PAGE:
As a result, its a record far more three-dimensional than its predecessor, channelling at least some of the aggression in to introspective pools of rancorous discontent. Taking the eponymous Whitman quote in full, this should come as little surprise: "Let your soul stand cool and composed before a million universes” it reads, and whilst cool and composed aren't necessarily words one would associate with Big Ups, in comparison to their debut, Before a Million Universes is exactly that.

As such, some would argue that in forgoing the intensity in favour of introspection, Big Ups have lost the spark which ignited their debut, and on face value they might even be right. "Negative" for instance, and its meandering counterpart "Negative (Intro)" feel all too familiar, and its only on repeat listens one realises the skeletal post-rock intro, followed up by a barrage of acerbic noise, is a trope used earlier in the record. Indeed not just earlier, but in the very track they proceed. Of course, a blind eye can be turned to such indiscretions, especially since the particular vein of punk the band so ardently mine has been threatening to run dry for some time now.

For those of us who don't subscribe to such cliches as familiarity breeds contempt, there's a huge amount to love about the record. For every obvious point of reference present (Fugazi, Melvins), there's one that will surprise you (Brand New, Half Japanese) resulting in a dichotomy of frenzied verbal assaults and withdrawn, even refined, spoken word. Indeed whilst the ictus is ever on an exploration of dynamics, it still doesn't lessen the impact of what's arguably the record's centrepiece.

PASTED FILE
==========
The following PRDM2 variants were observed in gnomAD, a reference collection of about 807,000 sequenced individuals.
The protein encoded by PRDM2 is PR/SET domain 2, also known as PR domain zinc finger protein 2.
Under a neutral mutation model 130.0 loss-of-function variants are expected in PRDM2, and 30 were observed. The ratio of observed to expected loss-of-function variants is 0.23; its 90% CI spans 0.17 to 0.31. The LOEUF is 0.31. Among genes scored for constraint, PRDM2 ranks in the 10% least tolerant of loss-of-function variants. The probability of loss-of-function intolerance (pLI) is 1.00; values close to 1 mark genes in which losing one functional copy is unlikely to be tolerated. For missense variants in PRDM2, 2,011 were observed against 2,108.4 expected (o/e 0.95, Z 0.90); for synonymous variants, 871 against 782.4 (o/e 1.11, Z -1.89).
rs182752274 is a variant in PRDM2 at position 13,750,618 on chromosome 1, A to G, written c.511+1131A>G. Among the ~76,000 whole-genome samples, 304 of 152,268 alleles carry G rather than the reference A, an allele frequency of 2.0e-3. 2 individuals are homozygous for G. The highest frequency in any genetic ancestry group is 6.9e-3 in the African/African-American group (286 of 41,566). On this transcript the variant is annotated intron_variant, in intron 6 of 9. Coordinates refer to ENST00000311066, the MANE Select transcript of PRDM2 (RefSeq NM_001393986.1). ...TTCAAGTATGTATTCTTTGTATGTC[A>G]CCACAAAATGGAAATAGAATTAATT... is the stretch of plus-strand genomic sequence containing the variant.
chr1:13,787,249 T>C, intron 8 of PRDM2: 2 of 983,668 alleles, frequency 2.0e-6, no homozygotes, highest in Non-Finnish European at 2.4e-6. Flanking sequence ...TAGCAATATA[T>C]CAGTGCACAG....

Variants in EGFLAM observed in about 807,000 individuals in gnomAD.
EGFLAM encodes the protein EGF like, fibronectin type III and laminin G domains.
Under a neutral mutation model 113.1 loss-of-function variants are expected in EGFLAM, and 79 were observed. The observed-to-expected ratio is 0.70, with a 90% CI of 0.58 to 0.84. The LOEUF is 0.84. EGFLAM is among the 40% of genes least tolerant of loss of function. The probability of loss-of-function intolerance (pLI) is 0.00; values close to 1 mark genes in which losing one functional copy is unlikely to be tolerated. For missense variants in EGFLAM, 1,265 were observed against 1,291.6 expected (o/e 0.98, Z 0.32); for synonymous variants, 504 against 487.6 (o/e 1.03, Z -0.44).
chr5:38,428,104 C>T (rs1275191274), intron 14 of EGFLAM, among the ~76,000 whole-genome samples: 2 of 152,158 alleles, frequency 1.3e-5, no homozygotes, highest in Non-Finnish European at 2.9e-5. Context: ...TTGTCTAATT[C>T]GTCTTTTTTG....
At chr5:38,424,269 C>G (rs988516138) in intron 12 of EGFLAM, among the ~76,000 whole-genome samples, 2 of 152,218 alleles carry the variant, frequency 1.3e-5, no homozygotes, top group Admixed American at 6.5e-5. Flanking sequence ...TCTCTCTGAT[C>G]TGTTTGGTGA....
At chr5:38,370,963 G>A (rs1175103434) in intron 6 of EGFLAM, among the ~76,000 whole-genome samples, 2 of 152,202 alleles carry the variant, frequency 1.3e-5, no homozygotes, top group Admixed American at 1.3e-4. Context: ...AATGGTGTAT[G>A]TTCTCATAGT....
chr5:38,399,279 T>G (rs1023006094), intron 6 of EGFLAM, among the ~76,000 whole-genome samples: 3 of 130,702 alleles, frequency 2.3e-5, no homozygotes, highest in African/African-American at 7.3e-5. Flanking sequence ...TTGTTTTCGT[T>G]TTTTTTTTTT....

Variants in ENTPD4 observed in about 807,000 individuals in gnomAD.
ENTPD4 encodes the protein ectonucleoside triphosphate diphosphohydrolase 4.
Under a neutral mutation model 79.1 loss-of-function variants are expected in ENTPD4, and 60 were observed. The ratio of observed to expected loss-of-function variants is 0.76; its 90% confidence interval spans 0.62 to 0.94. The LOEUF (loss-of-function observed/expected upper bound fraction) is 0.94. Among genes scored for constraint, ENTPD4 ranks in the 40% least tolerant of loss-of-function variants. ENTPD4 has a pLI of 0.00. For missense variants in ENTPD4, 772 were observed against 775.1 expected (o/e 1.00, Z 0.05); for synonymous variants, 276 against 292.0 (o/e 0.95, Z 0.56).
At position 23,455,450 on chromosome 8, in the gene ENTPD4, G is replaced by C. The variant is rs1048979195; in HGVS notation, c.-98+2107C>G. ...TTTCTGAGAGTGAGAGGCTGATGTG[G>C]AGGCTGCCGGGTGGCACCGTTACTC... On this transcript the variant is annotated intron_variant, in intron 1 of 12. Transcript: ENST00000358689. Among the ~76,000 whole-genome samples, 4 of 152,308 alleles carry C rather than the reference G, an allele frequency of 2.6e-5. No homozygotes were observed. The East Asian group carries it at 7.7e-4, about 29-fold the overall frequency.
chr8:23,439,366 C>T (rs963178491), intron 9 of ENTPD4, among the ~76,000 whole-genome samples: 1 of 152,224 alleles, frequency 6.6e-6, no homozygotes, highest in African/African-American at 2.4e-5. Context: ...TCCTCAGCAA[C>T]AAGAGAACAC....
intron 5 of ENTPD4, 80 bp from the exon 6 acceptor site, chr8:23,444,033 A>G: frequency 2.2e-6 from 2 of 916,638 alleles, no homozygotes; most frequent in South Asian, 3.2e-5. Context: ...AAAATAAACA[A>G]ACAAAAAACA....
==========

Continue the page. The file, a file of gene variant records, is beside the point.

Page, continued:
Unveiled ahead of the record's release, "National Parks" embodies the understated and rhythmic push-and-pull of Fugazi throughout its first two-thirds, before exploding in to a La Dispute-esque cathartic conclusion; an insidious corrosion reducing the vocal to an angsty and acerbic fuzz.

Though it may have lost some of the urgency of their debut, Before a Million Universes has allowed the band to develop a level of genuine introspection rarely seen in the hardcore of today. As a result of this, it feels acknowledging to its influences, but not indebted. And though there's undoubtedly a certain level of familiarity at play too, particularly if you're a grizzled veteran of hardcore's last 20 years, it also feels as if both Big Up's eyes are firmly on the future, even if one foot is still in the past.